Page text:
[gmx-users] Manual refinement of ATB topologies ?

Sim gmx simgmx at gmail.com
Fri Dec 23 09:20:49 CET 2016

2016-12-22 14:40 GMT+01:00 Justin Lemkul <jalemkul at vt.edu>:

> On 12/22/16 8:25 AM, Sim gmx wrote:
>> Hello,
>> 2016-12-22 13:56 GMT+01:00 Justin Lemkul <jalemkul at vt.edu>:
>>> On 12/22/16 4:28 AM, Sim gmx wrote:
>>> Hello,
>>>> Thank you very much for your help!
>>>> Good reference indeed! Just to be sure:
>>>> - ATB gave me HC and C atom types instead of 'CR1' for the CH groups
>>>> involved in double bonds. Would it be right to merge the two atomtypes
>>>> (i.e. deleting the HC atoms and changing C atoms to CR1) and add up
>>>> their
>>>> respective charges to get the charge of each CR1 atoms ?
>>> Why do this?  Few GROMOS species even use CR1 any more, as it appears to
>>> be a backwards compatibility with old GROMOS parameter sets that used a
>>> UA
>>> aromatic type.  Phe, Tyr, etc. use C-HC as these are somewhat "polar" C-H
>>> bonds so the H is represented explicitly.  I'd leave the parameters
>>> alone,
>>> mostly because you need the H and associated parameters there to
>>> determine
>>> the geometry of the double bond.
>> Because in the itp files from the suggested paper above (Poger et al.)
>> they
>> used CR1 atomtypes for the CH groups involved in double bonds. I would be
>> a
>> bit afraid if I had to justify in a reviewing process why I took their
>> parameters for the double bond but did not use the same atom typing, I
>> might be a bit paranoid though.
> I just remain skeptical that such a representation is physically valid.
> Just representing a double bond as an uncharged entity in the middle of an
> uncharged chain, while consistent with the force field's underlying theory,
> seems quite inadequate to me.  If ATB is suggesting an alternate, it should
> be explored.  I think this is polar character that is not accounted for in
> the simplistic uncharged model.  To what extent that affects the dynamics
> needs to be examined.

I see your point. Indeed it looks a bit strange, especially when comparing
with aromatic structures from amino acids. However, such uncharged double
bonds are also seen in the widely used lipid parameters from Peter Tieleman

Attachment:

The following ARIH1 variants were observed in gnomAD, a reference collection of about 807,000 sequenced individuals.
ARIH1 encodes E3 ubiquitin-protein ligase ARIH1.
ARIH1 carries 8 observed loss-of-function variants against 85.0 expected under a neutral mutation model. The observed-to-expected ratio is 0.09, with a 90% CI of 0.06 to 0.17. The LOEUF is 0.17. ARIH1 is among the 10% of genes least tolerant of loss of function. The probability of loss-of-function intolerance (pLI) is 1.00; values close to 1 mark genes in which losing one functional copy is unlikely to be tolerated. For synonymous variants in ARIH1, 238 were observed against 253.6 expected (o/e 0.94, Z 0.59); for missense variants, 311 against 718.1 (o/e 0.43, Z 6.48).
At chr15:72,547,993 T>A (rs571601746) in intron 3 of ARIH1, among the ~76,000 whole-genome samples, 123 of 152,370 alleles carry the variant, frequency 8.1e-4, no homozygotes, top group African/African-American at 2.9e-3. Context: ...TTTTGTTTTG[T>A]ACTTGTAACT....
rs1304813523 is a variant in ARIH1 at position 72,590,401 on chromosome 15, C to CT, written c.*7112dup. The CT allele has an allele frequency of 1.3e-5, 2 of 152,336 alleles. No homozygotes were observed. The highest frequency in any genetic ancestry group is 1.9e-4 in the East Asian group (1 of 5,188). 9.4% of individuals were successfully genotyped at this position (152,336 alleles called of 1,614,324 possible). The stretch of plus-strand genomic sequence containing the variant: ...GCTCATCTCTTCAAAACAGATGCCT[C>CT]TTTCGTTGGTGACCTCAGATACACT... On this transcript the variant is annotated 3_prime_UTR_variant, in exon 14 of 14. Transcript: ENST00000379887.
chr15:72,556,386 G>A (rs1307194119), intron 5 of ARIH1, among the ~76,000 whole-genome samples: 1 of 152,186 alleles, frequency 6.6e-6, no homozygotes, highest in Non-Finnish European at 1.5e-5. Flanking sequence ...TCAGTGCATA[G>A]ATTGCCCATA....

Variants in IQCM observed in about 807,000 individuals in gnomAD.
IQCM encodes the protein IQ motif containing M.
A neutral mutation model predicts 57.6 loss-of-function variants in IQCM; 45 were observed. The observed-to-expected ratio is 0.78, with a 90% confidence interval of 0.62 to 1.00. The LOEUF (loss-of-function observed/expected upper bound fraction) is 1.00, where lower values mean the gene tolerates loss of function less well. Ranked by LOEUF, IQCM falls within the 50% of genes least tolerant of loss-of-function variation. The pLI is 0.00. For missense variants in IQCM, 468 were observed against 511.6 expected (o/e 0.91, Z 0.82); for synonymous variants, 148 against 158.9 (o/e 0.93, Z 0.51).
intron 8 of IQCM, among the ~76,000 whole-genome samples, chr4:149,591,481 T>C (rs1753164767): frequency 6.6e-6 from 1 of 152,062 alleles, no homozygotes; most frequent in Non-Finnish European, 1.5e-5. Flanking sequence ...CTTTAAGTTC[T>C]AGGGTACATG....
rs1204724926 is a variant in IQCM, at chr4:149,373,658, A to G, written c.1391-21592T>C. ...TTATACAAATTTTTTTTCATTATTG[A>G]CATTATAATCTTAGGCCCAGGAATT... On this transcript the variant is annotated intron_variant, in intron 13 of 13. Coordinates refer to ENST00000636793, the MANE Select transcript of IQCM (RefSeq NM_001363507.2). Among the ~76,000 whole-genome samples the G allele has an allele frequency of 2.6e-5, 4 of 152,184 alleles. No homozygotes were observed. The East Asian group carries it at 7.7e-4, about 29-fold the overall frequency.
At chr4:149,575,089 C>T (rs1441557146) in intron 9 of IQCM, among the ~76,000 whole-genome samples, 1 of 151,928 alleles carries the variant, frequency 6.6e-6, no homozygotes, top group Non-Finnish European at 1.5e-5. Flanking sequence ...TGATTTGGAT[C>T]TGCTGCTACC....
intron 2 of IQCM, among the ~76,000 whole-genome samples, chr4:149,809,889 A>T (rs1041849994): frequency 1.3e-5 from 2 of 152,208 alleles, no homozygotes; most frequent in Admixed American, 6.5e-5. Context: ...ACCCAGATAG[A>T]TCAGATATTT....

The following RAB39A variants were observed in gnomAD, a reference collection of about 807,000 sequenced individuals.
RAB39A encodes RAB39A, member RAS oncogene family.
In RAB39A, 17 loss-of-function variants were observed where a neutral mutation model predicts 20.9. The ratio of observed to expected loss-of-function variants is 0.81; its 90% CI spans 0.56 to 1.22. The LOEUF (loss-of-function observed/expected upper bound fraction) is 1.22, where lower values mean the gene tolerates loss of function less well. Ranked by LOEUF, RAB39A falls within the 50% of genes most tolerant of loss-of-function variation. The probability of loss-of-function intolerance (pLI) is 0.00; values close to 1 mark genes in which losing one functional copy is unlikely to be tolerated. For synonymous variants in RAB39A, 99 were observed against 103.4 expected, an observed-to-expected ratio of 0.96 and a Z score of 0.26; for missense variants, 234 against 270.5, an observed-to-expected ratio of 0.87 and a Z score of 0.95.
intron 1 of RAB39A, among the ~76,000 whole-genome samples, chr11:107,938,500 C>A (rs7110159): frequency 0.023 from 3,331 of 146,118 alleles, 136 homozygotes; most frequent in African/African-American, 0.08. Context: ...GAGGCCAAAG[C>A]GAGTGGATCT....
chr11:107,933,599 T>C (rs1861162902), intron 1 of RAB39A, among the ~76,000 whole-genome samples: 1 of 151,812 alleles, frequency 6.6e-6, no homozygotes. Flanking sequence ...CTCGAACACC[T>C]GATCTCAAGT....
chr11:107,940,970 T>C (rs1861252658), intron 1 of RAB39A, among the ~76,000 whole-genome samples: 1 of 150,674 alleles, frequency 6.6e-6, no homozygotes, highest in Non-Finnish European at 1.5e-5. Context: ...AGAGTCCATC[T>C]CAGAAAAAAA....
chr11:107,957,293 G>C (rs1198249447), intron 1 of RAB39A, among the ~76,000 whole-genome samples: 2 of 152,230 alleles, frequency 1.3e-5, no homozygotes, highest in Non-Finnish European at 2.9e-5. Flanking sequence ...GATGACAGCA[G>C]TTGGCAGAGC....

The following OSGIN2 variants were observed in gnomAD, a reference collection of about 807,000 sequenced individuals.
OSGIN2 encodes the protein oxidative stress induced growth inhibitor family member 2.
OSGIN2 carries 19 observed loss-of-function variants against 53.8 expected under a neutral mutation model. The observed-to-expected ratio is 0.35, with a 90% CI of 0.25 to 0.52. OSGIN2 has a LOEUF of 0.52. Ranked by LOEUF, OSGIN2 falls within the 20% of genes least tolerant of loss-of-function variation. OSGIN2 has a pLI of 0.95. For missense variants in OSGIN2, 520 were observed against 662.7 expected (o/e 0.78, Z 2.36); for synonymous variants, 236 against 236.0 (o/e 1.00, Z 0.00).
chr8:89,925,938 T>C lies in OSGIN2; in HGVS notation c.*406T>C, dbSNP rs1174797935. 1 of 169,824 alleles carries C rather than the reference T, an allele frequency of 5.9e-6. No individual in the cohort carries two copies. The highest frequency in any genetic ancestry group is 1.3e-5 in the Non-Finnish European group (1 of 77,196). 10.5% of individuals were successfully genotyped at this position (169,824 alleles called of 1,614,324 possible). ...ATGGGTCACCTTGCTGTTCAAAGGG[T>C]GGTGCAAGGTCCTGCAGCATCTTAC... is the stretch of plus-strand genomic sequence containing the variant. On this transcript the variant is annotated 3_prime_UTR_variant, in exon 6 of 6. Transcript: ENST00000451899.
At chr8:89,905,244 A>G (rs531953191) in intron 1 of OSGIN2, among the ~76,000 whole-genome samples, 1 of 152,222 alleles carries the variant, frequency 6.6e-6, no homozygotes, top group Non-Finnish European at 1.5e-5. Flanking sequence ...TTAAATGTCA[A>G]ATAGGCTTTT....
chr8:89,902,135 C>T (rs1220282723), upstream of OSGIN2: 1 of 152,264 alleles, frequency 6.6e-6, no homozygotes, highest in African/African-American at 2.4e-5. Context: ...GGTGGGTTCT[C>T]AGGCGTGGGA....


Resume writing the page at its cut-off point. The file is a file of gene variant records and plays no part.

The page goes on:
for Berger Lipids (even though the forcefields are different, I guess this
comparison is acceptable). It does not mean that it is perfect, but
hopefully that it is usable.

> If I define an improper dihedral with a torsion angle of 180°, wouldn't it
>> be a trans double bond anyway (no matter the presence or absence of the H
>> atoms) ?
> Impropers keep planar groups planar; they do not keep bonds in cis or
> trans orientation.

OK. But then I don't get the point of creating a gi_4 in gromos54a7 that is:
#define gi_4         180.0   167.42309
; planar groups 40

while there is already a gi_1 that is

#define gi_1           0.0   167.42309
; planar groups 40

Am I wrong if I write that the only difference is the ideal angle that
shifts from 0 to 180° ?
The use of gi_1 or gi_4 is the only difference I've noticed from the itp
files of Poger et al. cited above between their trans and cis double bonds.

> Do you think I should leave the HC atoms alone and include 2 improper
>> dihedrals for each double bond ? One for H-C=C-C and the other one for
>> C-C=C-H (both with a torsion angle of 0, resulting in a trans double
>> bond) ?
> If it's me doing it, I'd test both topologies.  I've done simulations
> with, POPC and a simple, uncharged model and didn't notice anything out of
> the ordinary but I've grown skeptical.  You have multiple double bonds in
> your compound, separated by only one bond, and their properties may depend
> on a more precise electrostatic representation.
> -Justin
To be sure that we are talking about the same thing, "both topologies"
means the double bond parameters as they exactly come from ATB server *and*
the double bond parameters modified according to Poger et al., right ?
How would you do then to select the "best one" ? Except if they exhibit
totally different behavior (which is unlikely, I guess), it seems quite
complicated to establish. Still I will give it a try! It is true that this
proximity between the two double bonds could have a marked effect on

Thanks again for your reply.

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